Monday 15 October 2018

Car share lanes on cards in bid to cut traffic jams

ine Kerr Political Correspondent

THE introduction of car-sharing lanes is being considered by the Government in a bid to cut journey times, traffic congestion and carbon emissions.

The initiative, which could see motorists sharing cars in order to access designated lanes or bus lanes, is one of the car-pooling options currently being considered by the Department of Transport for its sustainable travel and transport action plan.

While insisting that the best way to reduce congestion and minimise city traffic is to encourage people to switch from cars to public transport, Minister Noel Dempsey said High Occupancy Vehicle (HOV) lanes will be considered.

"I am aware that a number of cities around the world have introduced HOV lanes. The results have varied greatly," the Transport Minister said in a parliamentary reply to Fine Gael. "I am not aware of any local authorities which have plans to introduce such lanes in Ireland. However, the possible use of HOV lanes will be considered as part of the development of my Department's forthcoming Sustainable Travel and Transport Action Plan."

Already, HOVs are in use in Canada, the United States and Australia, while the UK opened it's first car-sharing lane between Bradford and Leeds last March. Only cars with two or more occupants are eligible to use the lane, in addition to taxis, buses and coaches.

Although such countries have lanes designated solely for car-pooling initiatives, Ireland will likely have to rely on bus lanes if such a scheme is pursued.


AA Roadwatch has been a long advocate of HOVs and previously lobbied the Government to undertake a trial run of a car-sharing scheme using the capital's bus lanes. However, the proposals were rejected by the Dublin Transportation Office (DTO) which argued that the most efficient way of using road space is with bus lanes.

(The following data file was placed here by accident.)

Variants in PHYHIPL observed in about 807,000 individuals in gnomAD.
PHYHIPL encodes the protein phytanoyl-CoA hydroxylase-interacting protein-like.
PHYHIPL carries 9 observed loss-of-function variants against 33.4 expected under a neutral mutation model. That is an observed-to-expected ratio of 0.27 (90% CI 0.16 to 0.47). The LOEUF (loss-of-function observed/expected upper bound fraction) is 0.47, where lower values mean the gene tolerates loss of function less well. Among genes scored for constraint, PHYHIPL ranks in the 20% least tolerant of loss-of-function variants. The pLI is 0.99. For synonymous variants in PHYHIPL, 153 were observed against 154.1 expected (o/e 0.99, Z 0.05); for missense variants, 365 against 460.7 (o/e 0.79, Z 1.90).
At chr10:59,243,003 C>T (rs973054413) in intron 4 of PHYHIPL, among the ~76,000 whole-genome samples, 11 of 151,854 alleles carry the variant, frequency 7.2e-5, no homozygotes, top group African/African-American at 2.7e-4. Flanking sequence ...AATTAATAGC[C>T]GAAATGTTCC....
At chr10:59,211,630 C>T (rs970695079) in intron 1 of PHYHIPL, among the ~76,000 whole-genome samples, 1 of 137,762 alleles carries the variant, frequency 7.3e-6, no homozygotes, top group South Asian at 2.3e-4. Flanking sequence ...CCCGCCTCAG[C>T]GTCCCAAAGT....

Other car-pooling options being considered by the Transport Minister include "car-clubs" in workplaces. Some local authorities in the UK now require developers of new office blocks to submit details of public transport and car-pooling initiatives as part of their planning application.

Fine Gael's transport spokesman Fergus O'Dowd said that in the greater Dublin area, there are 10 quality bus corridors in operation, 10 under construction, 12 at design stage, six at public consultation, with a further 20 at feasibility study stage.

"Fine Gael has been arguing for years that the best way to get people out of their cars is to provide a high-frequency and reliable bus service and the only way to do that is to open the market to competition.

"There have only been 110 new buses bought for Dublin Bus in the past seven years and in the present economic climate, it is unlikely there will be any new purchases soon," said Mr O'Dowd.

"By opening up the market to competition, we could flood these new bus lanes with buses. However, under Fianna Fail's current plans, this isn't going to happen. That is why other options should be looked at."

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